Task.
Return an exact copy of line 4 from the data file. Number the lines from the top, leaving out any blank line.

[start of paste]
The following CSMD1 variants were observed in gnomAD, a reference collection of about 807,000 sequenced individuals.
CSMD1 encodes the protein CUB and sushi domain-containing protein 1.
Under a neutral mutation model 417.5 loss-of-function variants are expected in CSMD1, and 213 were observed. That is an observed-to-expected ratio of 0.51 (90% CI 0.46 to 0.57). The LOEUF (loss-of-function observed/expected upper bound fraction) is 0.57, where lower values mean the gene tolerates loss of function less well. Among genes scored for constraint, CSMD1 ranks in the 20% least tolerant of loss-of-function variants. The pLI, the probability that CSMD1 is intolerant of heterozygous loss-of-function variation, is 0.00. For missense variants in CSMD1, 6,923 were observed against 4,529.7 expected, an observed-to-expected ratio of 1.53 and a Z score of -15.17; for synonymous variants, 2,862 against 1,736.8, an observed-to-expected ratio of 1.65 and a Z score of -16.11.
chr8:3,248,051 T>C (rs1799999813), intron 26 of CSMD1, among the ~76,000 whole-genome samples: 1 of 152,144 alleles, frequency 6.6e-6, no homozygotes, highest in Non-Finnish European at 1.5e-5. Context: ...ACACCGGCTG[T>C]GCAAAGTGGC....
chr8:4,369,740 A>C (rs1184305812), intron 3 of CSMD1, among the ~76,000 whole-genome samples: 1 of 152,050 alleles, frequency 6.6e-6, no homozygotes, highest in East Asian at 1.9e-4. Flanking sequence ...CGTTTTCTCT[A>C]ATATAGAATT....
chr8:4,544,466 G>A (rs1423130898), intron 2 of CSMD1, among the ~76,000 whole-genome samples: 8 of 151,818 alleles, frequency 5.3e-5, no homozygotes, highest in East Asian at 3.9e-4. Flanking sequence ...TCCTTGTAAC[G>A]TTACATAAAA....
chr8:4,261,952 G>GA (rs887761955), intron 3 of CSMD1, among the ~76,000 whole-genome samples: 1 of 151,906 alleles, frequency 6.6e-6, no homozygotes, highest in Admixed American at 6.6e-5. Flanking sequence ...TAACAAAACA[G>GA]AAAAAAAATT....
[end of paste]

chr8:3,248,051 T>C (rs1799999813), intron 26 of CSMD1, among the ~76,000 whole-genome samples: 1 of 152,144 alleles, frequency 6.6e-6, no homozygotes, highest in Non-Finnish European at 1.5e-5. Context: ...ACACCGGCTG[T>C]GCAAAGTGGC....